As you can tell, the line between the total melt-down of all fiat currencies — and the melt-up of real money — is very thin, but well-defended…at least for the moment.  At some point it will fail entirely, or ‘da boyz’ will chose to defend it from much higher price levels.  Whichever option it turns out to be, can’t come soon enough for me…or for you, I would assume.

Here are the 6-month charts for all four precious metals, plus copper.  And, as you can see, copper closed at a new high price for this move up yesterday.

And as I type this paragraph, the London open is less than ten minutes away — and I see that gold rallied a few dollars in the first hour of trading once it began at 6:00 p.m. EST last night in New York.  But from there it started to crawl lower, as the dollar index crawled higher.  Right now it’s down $3.10 an ounce.  The silver price followed a mostly similar pattern, but began to turn up a bit starting shortly after 1 p.m. China Standard Time on their Wednesday afternoon.  Silver is down 9 cents currently.  Platinum didn’t do much, except chop mostly sideways in Far East trading — and it’s down 2 dollars at the moment.  Palladium jumped up five bucks or so at 6 p.m. in New York last night — and by 3:00 p.m. CST, the price was down a couple of bucks. But, as Zurich opens, it’s now up 3 bucks.

Net HFT gold volume is sitting at 32,000 contracts — and that number in silver is sitting right at the 6,000 contract mark, which is pretty quiet.

The dollar index has been inching higher ever since trading began at 6 p.m. in New York yesterday evening — and it’s off its current high tick at the moment, but still up 20 basis points as London opens.

With JPMorgan et al out in force to defend the paper currencies against the attempted sharp rises in precious metal prices, it’s a good bet that Friday’s Commitment of Traders Report isn’t going to be as happy looking as I expecting/hoping in both silver and gold.  Volumes were monstrous as they were the obvious short buyers/long sellers of last resort to put out the precious metal fires.  But how bad it’s going to be is unknown — and as Ted points out, when there’s heavy volume on the cut-off date, there’s an excellent chance that all of yesterday’s volume data won’t be reported in a timely manner.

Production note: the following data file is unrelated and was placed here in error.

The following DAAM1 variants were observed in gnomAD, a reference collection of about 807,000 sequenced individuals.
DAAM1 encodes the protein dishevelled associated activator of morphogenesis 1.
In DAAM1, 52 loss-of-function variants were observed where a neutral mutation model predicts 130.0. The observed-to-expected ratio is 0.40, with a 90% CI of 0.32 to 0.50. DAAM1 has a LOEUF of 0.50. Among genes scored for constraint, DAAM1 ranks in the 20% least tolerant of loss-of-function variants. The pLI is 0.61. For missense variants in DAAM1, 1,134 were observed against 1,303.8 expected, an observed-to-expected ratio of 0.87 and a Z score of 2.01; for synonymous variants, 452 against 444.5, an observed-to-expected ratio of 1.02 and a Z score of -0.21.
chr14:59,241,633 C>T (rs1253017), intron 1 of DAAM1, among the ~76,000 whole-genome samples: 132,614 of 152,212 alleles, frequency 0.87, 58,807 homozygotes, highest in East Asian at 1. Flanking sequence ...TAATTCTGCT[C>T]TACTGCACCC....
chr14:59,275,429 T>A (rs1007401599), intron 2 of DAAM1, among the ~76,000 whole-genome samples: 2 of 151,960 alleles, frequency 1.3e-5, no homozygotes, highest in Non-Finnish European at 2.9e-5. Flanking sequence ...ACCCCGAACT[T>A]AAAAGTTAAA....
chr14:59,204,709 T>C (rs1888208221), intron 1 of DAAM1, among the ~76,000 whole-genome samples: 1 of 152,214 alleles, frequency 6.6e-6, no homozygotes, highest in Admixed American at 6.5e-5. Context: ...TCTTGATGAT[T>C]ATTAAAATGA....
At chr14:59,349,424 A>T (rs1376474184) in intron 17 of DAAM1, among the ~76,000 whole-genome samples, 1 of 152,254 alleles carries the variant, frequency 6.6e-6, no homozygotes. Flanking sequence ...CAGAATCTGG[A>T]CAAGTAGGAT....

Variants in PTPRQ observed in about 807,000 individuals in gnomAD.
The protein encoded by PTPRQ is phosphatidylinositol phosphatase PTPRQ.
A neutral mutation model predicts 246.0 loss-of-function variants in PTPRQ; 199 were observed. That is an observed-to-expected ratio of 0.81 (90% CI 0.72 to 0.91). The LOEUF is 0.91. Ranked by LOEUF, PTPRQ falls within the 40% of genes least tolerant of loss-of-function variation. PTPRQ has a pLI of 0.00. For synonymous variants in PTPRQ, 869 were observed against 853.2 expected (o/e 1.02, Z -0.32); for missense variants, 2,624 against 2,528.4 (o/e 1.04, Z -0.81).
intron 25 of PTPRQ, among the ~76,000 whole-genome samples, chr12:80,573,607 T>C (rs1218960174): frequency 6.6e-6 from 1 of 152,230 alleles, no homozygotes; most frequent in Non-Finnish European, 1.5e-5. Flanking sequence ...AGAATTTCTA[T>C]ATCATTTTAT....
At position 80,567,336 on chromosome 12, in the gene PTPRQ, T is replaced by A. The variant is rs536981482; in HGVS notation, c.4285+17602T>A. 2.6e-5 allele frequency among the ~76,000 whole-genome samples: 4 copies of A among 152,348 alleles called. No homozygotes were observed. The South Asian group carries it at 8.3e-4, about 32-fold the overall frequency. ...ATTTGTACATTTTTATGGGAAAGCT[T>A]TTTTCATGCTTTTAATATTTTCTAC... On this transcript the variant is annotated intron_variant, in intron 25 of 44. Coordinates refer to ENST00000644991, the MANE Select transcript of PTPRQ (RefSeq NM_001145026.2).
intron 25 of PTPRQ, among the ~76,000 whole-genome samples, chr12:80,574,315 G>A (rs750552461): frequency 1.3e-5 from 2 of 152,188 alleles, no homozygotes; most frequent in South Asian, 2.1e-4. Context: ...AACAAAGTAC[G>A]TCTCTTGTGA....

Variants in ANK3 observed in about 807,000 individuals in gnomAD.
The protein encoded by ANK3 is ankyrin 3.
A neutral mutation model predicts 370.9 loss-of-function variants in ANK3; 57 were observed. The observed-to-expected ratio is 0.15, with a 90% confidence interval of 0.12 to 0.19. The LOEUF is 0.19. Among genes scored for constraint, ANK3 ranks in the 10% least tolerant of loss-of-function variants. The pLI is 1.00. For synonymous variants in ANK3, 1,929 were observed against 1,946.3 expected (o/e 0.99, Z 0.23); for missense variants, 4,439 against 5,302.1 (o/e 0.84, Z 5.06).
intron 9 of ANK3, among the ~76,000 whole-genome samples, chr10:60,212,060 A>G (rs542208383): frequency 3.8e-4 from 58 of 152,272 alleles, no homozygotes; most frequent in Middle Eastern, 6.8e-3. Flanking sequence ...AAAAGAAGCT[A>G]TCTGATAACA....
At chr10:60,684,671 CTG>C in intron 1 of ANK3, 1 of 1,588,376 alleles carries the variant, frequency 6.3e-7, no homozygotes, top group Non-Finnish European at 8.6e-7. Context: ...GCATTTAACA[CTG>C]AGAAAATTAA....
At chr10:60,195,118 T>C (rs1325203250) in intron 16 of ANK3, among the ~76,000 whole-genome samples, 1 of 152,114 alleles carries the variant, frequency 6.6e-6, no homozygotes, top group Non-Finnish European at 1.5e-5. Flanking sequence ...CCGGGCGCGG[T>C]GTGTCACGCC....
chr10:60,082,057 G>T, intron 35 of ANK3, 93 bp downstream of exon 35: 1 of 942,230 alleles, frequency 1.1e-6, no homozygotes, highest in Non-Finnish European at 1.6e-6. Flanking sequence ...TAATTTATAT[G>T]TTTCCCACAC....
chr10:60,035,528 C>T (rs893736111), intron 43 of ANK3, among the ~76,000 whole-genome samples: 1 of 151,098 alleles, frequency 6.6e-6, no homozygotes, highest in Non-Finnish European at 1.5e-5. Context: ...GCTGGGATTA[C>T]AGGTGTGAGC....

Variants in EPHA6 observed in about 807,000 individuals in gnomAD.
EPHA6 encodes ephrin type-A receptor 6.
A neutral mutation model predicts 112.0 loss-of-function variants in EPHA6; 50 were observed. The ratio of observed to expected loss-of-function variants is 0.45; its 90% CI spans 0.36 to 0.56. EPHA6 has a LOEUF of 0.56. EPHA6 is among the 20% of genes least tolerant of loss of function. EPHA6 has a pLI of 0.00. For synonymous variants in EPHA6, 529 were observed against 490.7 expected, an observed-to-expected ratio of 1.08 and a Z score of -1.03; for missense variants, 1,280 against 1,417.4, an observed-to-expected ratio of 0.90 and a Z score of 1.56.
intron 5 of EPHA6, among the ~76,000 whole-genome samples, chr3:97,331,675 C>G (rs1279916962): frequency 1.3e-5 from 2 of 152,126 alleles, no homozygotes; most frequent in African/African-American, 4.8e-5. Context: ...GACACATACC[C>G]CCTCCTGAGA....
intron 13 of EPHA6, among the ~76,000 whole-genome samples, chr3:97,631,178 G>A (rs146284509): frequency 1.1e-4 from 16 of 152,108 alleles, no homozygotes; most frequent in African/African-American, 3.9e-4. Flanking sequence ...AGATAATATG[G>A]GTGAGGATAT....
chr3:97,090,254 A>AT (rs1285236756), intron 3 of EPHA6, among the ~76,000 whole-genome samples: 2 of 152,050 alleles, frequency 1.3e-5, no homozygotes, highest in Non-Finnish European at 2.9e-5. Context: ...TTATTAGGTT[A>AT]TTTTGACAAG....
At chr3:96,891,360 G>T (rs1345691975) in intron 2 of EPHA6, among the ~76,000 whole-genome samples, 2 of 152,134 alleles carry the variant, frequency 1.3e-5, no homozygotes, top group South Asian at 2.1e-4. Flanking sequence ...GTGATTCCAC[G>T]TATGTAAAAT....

I said in Tuesday’s missive that Ted was going to have his mid-week commentary available early in the afternoon.  But somehow I got a day ahead of myself — and it’s not actually due out until around 3:00 p.m. EST today.

And since Tuesday fell on the last day of the month, there won’t be a Bank Participation Report until next Friday…not this Friday as I stated in yesterday’s column.

And as I post today’s efforts on the website at 4:00 a.m. EST, I note that with dollar index rolling over a bit, all the precious metals are higher as well.  Gold is now up 40 cents at the moment, silver is down 4 cents.  Platinum is back to unchanged — and palladium is up 7 bucks, but was obviously tapped lower in early Zurich trading, as it’s off its high tick by a bit.

Net HFT gold volume is just under 39,000 contracts — and that number in silver is now up to around 7,250 contracts.

The dollar index topped out shortly before the London open — and as I said just above, has rolled over a bit — and as I post today’s column on the website it’s up only 14 basis points.

I made an assumption in yesterday’s column about how the precious metals might close the trading session on Tuesday — and I was wrong in spades.  So I’ll just wait and see this time — and report on whatever happens in tomorrow’s column.

See you then.